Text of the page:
In the previous entry we have proven that God's law doesn't have any intrinsic power to sanctify us. Left in ourselves the law is but "the letter that kills" - which only aggravates the sinful passions of our flesh by its righteous admonitions (cf. Rom. 7:7-14). God's intention in handing out His law is to show man his sinfulness; to terrify him, in order that he may abandon self-dependency and rely on God's grace alone for healing, redemption, and sanctification.
Our sinful nature indeed avails for nothing except to sin. It cannot and will not bring forth any spiritual good that God's requires of men according to His law. "That which is born of the flesh is flesh" (Jn. 3:6a). "For the mind that is set on the flesh is hostile to God, for it does not submit to God's law; indeed, it cannot. Those who are in the flesh cannot please God" (Rom. 8:7-8). In order that we may fulfill God's law, a special divine influence powerful enough to overcome the rebellion of our flesh is needed. This divine influence, as you know it, is the Spirit of God indwelling everyone who are in Christ. "It is the Spirit who gives life; the flesh is no help at all" (Jn. 6:63). "And I will put my Spirit within you, and cause you to walk in my statutes and be careful to obey my rules" (Eze. 36:27). How the Holy Spirit works in our lives in making us more like Christ will be the central topic of this paper.
IV. The Spirit that gives life
"And I will put my Spirit within you, and cause you to walk in my
statutes and be careful to obey my rules." (Eze. 36:27)
Having said all these, we conclude that the liberating power of the Spirit is necessary not only with respect to our conversion, but also to our daily sanctification as Christians (2 Cor. 3:5-6). God's aid should be continually implored by the faithful as long as he lives in his mortal flesh. When the Holy Spirit grants us liberty from any sinful habit that we have, it inevitably leads us to actually overcome that habit and walk according to God's will. This victory is worked out in us by the Spirit in many ways which I have listed below:
1) By illuminating us concerning the truths of God's Word. "Sanctify them in the truth; your word is truth" (Jn. 17:17). The primary external means the Spirit uses to sanctify the redeemed is God's Word; i.e. the holy Scriptures (2 Tim. 3:16-17). Mere reading or hearing of Scripture will not profit us anything if we don't understand what we read or hear. This is when the illuminating power of the Spirit comes in. Because He dwells in us (Jn. 14:17), the Spirit can lead us into all truth, as Jesus promised: "But the Helper, the Holy Spirit, whom the Father will send in my name, he will teach you all things and bring to your remembrance all that I have said to you" (Jn. 14:26); and again, "When the Spirit of truth comes, he will guide you into all the truth, for he will not speak on his own authority, but whatever he hears he will speak, and he will declare to you the things that are to come" (Jn. 16:13).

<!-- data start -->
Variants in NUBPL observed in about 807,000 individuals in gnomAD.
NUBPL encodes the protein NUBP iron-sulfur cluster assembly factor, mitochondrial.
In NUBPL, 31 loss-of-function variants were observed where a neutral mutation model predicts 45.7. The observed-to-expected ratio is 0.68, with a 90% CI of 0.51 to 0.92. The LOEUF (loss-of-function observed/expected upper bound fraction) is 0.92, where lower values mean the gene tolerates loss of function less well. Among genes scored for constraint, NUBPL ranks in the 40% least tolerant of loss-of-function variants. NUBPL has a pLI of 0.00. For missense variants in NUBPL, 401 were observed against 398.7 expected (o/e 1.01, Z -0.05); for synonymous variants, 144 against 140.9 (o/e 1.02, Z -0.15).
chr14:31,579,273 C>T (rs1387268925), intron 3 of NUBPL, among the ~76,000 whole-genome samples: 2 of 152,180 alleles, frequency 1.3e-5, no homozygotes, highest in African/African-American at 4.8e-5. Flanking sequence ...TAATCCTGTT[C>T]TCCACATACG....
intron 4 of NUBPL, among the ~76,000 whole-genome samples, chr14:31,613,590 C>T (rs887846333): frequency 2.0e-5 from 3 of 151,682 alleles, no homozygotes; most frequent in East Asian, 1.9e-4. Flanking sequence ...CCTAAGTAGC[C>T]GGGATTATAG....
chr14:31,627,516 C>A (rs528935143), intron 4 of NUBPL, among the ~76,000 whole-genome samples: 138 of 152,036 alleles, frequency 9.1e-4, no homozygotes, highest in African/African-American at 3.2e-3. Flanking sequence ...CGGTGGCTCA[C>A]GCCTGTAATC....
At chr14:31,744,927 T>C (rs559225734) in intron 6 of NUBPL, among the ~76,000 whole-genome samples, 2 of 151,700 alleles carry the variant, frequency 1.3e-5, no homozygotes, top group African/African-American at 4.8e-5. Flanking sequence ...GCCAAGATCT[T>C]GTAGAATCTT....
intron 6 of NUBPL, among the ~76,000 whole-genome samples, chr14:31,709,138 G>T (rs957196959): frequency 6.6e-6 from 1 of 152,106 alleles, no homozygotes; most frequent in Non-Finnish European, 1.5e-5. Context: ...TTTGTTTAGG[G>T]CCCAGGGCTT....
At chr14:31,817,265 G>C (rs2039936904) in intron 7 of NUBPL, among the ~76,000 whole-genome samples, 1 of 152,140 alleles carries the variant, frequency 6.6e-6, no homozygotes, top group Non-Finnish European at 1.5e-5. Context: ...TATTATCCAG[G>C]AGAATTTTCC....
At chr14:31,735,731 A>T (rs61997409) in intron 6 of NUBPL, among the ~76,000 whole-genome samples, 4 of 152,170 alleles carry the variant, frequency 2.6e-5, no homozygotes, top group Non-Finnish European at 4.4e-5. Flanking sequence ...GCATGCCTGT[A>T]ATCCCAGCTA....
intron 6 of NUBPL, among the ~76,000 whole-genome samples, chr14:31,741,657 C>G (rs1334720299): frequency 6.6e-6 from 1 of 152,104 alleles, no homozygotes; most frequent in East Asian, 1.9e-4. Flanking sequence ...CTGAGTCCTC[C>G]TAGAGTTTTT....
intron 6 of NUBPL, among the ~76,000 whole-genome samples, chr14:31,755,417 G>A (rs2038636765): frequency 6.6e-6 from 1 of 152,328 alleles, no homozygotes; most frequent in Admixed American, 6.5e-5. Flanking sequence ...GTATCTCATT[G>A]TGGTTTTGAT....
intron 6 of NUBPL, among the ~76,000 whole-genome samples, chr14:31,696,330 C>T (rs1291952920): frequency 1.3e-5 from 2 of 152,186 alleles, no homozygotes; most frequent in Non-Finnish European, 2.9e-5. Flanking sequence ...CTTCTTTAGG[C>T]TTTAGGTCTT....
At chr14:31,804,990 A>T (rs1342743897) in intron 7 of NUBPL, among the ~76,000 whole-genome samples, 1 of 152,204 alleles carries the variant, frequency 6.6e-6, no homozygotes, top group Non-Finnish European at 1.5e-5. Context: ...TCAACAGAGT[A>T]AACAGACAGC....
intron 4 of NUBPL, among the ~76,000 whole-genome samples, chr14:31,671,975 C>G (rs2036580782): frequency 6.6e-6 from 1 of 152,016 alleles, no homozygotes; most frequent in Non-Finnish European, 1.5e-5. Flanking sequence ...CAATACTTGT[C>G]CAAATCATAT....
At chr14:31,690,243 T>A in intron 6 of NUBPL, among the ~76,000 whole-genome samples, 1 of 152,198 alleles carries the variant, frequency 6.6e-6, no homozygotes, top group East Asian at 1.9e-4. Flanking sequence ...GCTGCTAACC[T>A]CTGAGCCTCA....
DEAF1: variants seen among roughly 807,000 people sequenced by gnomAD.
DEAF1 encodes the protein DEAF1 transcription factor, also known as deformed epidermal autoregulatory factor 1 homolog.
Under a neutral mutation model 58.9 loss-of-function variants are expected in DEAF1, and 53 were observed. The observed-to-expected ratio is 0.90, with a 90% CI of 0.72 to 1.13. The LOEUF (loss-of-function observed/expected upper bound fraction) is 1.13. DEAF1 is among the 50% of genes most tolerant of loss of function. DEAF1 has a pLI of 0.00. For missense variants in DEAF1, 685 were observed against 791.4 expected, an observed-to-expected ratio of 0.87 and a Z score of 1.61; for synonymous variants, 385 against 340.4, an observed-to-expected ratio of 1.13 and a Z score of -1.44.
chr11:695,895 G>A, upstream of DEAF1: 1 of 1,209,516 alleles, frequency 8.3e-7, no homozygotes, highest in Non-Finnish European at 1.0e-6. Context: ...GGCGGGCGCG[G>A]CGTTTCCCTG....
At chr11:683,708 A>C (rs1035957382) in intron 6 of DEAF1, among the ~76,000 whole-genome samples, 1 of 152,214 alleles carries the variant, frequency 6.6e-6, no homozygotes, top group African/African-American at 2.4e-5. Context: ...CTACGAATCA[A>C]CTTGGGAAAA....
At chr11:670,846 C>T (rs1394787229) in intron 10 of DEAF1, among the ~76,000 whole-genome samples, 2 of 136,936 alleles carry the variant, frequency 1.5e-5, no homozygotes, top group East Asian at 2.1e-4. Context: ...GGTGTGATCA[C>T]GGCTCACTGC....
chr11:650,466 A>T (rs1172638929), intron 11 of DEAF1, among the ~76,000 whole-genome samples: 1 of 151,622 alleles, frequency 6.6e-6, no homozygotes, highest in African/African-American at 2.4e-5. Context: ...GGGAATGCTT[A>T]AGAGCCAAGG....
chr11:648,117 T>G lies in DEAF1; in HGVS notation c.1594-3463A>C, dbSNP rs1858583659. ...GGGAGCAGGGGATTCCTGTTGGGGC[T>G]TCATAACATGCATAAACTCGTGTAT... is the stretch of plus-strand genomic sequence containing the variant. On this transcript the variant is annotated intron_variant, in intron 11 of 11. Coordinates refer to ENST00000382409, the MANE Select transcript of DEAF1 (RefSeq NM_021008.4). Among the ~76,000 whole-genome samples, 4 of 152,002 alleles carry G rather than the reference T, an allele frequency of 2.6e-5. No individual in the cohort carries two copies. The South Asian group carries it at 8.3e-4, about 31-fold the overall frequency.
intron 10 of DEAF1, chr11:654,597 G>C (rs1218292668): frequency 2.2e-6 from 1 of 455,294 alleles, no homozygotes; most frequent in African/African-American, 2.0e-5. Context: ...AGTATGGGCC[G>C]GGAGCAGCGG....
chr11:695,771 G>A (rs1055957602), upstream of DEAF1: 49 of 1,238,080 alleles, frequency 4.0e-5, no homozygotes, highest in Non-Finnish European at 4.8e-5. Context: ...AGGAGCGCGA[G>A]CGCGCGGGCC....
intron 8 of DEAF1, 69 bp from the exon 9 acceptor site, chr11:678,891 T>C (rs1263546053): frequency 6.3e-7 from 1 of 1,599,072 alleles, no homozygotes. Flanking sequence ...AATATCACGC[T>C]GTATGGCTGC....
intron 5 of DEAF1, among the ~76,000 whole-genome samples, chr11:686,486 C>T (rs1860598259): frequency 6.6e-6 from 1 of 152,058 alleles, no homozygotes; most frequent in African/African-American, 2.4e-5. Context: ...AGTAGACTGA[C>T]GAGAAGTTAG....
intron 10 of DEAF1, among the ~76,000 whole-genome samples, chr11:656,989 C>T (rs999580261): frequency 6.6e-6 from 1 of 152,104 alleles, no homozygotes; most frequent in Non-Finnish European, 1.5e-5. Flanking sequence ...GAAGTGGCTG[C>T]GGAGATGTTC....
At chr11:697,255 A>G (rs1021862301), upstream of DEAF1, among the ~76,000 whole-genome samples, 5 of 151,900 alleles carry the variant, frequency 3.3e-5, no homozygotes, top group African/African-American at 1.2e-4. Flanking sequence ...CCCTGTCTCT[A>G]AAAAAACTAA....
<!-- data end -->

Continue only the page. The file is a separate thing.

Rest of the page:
2) By convicting us of Sin. "And when he comes, he will convict the world concerning sin and righteousness and judgment" (Jn. 16:8). A Christian may know all the truths concerning God and His will, but unless He is convicted of his own sins and depravity, he will never turn from his old ways and seek God for deliverance and transformation. Man, however, cannot produce this conviction in his own heart (2 Tim. 2:25-26). It is God's gift through His Spirit.
3) By infusing love in our hearts. In John 14:16-17 & 26, we find a concise description of the sanctifying agency of the Holy Spirit in the life of a Christian. Note that every time Jesus tells his disciples that love is (or should be) the motivating factor in obeying His commands (v. 15, 21, 23), He immediately mentions the Spirit's internal influence in the life of believers. Jesus is implying that when our hearts begin to love God and take delight in His law, the praise should be ascribed to God Himself, who has "[poured His love] into our hearts through the Holy Spirit who has been given to us" (Rom. 5:5). This infusion of love is also described in the Bible as God writing His law on our hearts (Jer. 31:33). Therefore, it is God's gift that we truly love Him and hence ardent in obeying His commands (Deut. 30:6, cf. Rom. 2:28-29; Eze. 11:19-20; 36:26-27; 1 Jn. 4:19).
4) By leading us not into temptation. "It was I who kept you from sinning against me" (Gen 20:6). If it is in order that we should willfully walk in righteousness that the Spirit infuses love in our hearts, the same Spirit also infuses hate in our hearts towards carnality and Sin so that we may successfully overcome temptation. Jesus taught us to pray that God should lead us not into temptation; that is, that we may not fall into it and Sin (Mat. 6:13).Certainly, if we have in us the natural power to overcome the enticement of evil, Christ wouldn't have taught us to make such supplication. Thus it is God's gift also that we succeed in mortifying our sinful habits, for it is "the Spirit [who] helps us in our weakness" (Rom. 8:26; cf. Php. 2:13).